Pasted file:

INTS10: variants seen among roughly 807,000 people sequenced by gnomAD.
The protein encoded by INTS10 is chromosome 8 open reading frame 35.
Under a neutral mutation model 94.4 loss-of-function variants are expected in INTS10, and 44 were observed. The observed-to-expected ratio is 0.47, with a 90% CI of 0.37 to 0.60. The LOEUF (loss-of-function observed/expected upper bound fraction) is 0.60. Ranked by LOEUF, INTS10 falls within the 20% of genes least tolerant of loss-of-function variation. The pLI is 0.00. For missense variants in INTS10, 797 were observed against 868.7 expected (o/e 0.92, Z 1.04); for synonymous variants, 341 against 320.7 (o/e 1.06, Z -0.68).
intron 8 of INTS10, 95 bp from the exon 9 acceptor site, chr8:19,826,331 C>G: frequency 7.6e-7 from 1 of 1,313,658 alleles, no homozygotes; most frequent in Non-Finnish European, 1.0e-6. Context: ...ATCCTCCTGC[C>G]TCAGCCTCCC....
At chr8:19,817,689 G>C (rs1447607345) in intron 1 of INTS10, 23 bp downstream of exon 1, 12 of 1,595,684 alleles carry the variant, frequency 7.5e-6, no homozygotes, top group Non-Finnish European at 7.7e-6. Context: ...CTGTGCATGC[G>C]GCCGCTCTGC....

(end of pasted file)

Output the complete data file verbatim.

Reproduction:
INTS10: variants seen among roughly 807,000 people sequenced by gnomAD.
The protein encoded by INTS10 is chromosome 8 open reading frame 35.
Under a neutral mutation model 94.4 loss-of-function variants are expected in INTS10, and 44 were observed. The observed-to-expected ratio is 0.47, with a 90% CI of 0.37 to 0.60. The LOEUF (loss-of-function observed/expected upper bound fraction) is 0.60. Ranked by LOEUF, INTS10 falls within the 20% of genes least tolerant of loss-of-function variation. The pLI is 0.00. For missense variants in INTS10, 797 were observed against 868.7 expected (o/e 0.92, Z 1.04); for synonymous variants, 341 against 320.7 (o/e 1.06, Z -0.68).
intron 8 of INTS10, 95 bp from the exon 9 acceptor site, chr8:19,826,331 C>G: frequency 7.6e-7 from 1 of 1,313,658 alleles, no homozygotes; most frequent in Non-Finnish European, 1.0e-6. Context: ...ATCCTCCTGC[C>G]TCAGCCTCCC....
At chr8:19,817,689 G>C (rs1447607345) in intron 1 of INTS10, 23 bp downstream of exon 1, 12 of 1,595,684 alleles carry the variant, frequency 7.5e-6, no homozygotes, top group Non-Finnish European at 7.7e-6. Context: ...CTGTGCATGC[G>C]GCCGCTCTGC....